Once they’ve become your Facebook friend, use the platform as another touchpoint.
Here’s a sample cadence:
Day 1: Email and Facebook request
Day 3: Call
Day 5: Email and “like” a Facebook post
Day 7: Call with voicemail
Although you can message Facebook users whom you’re not friends with, it’s probably not the best use of your time.
These messages will show up in a separate tab:
The chances of your prospect seeing you've messaged them -- let alone reading your message -- are low.
2) Show Your Personality
Facebook feels less buttoned-up than other platforms. With that in mind, you can be a little more personal and casual when you talk to prospects. If you’re too formal, you’ll seem out-of-touch.
But don’t want to go too far in the other direction. Use proper punctuation, spelling, and capitalization, and steer clear of acronyms.
To illustrate, here are three opening lines.
Too formal:“Hello, John. I hope you are well. Given your interest in local marketing, I thought you might be interested in this blog post.”
Too informal: “yo john. check out this fire post on local marketing”
Just right: “Hey, John. Wanted to pass along a post on local marketing I thought you’d like -- there’s some good stuff in the second section about sponsorships.”
3) Be Human
Thanks to your prospect’s profile, you have access to a ton of handy information. Use these details to build rapport; for example, if you both love the Netflix show Stranger Things, you might kick off a conversation by saying, “Hi from a fellow Stranger Things fan. I’m wondering if … ”
Beyond their hobbies and interests, you can also take advantage of their work history. Many people fill out their Facebook profiles with their current and former job titles and employers. Ask a relevant question about their career, such as, “I see you transitioned from Support to HR. What was that like?”
You can use this intel as well to create valuable introductions. For example, if the buyer is a channel sales manager, and one of your business contacts is as well, you might ask if they’d be interested in talking to your contact and getting her thoughts on some common partner acquisition challenges. If they are interested, it’s easy enough to add your contact to the chat. (Of course, ask your connection for permission first.)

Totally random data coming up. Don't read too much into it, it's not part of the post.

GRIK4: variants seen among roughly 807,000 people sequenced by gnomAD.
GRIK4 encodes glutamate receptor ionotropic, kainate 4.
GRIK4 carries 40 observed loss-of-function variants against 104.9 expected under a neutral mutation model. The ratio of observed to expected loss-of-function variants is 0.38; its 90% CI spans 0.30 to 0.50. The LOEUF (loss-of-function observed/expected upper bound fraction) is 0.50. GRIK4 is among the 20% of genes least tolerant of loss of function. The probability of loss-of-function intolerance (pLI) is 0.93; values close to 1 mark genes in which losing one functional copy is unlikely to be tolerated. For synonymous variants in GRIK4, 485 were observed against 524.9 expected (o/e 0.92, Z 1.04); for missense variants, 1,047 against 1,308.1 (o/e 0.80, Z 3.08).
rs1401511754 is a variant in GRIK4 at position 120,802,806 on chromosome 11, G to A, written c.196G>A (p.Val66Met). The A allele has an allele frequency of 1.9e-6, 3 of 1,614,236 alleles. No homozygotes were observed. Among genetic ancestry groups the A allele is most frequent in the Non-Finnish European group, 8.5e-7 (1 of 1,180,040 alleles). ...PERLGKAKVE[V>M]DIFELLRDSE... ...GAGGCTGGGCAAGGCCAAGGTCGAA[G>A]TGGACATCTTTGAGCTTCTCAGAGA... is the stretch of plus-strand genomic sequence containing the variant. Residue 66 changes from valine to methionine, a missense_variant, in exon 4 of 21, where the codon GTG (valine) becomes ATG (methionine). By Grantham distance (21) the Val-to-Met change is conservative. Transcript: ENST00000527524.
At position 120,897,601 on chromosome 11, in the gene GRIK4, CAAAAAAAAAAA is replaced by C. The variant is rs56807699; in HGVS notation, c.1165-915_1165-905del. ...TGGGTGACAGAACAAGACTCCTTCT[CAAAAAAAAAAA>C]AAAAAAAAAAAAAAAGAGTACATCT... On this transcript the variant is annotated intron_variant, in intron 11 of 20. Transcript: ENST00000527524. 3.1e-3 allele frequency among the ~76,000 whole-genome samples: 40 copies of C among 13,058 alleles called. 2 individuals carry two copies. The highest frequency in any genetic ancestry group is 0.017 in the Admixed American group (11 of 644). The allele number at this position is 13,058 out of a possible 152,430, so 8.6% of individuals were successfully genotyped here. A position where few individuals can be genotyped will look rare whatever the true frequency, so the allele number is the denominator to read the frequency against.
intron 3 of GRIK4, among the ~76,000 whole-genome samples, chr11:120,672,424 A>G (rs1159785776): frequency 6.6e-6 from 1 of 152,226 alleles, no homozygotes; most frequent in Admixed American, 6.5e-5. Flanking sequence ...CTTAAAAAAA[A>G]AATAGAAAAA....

4) Keep Your Conversations Short
It’s much quicker and less interruptive to confirm your meeting time with the buyer over Facebook Messenger than email. The day before (or the morning of), send them a quick message along the lines of, "Hey, just wanted to check in about our call at X time. Does that still work for you?"
Unlike answering an email, which requires a certain level of thought, the prospect can reply almost instantaneously.
The same principle applies to random questions either of you may have. Maybe they’re speaking with their boss and need to double-check your product’s dimensions. Instead of sending you an email or calling you, they can simply pull out their phone, message you, and get an answer -- all while talking to their manager.
On your end, perhaps you’re looking into potential integrations they’d benefit from and want to know whether they use one of your partners. It takes just two seconds to message them and find out.
Facebook can be a powerful tool in your arsenal. Follow these tips, and your Facebook friends will translate to closed deals.
Originally published May 26, 2017 6:30:00 AM, updated May 26 2017